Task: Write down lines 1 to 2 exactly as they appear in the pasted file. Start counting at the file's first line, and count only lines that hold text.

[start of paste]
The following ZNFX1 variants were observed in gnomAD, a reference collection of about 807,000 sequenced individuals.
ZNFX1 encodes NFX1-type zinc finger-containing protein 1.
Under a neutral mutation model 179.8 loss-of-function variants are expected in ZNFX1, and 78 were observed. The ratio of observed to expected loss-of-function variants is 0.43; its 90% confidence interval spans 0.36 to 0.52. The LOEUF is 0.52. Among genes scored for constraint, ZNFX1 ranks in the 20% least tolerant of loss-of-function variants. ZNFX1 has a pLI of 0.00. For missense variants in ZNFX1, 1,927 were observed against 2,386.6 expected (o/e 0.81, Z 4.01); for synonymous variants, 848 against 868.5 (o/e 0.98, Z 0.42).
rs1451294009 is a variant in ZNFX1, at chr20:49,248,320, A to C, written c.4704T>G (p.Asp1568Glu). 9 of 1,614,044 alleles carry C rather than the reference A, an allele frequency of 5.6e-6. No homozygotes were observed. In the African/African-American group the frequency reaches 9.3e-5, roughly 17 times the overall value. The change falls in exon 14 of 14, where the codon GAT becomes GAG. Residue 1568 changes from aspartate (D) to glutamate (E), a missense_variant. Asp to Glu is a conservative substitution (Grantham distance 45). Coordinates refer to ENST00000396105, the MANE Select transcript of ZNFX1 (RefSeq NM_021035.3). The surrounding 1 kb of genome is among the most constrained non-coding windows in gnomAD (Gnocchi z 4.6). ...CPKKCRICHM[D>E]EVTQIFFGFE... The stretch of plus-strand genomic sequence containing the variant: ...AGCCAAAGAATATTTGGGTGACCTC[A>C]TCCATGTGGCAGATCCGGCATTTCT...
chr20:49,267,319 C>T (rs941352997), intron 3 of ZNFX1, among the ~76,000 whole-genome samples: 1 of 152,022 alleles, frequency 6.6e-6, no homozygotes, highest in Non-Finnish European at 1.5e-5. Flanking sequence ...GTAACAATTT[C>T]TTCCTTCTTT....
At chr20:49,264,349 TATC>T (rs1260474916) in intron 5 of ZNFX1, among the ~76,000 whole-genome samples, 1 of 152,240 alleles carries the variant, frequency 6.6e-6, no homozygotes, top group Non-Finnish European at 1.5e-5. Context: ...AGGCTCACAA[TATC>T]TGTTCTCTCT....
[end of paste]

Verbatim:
The following ZNFX1 variants were observed in gnomAD, a reference collection of about 807,000 sequenced individuals.
ZNFX1 encodes NFX1-type zinc finger-containing protein 1.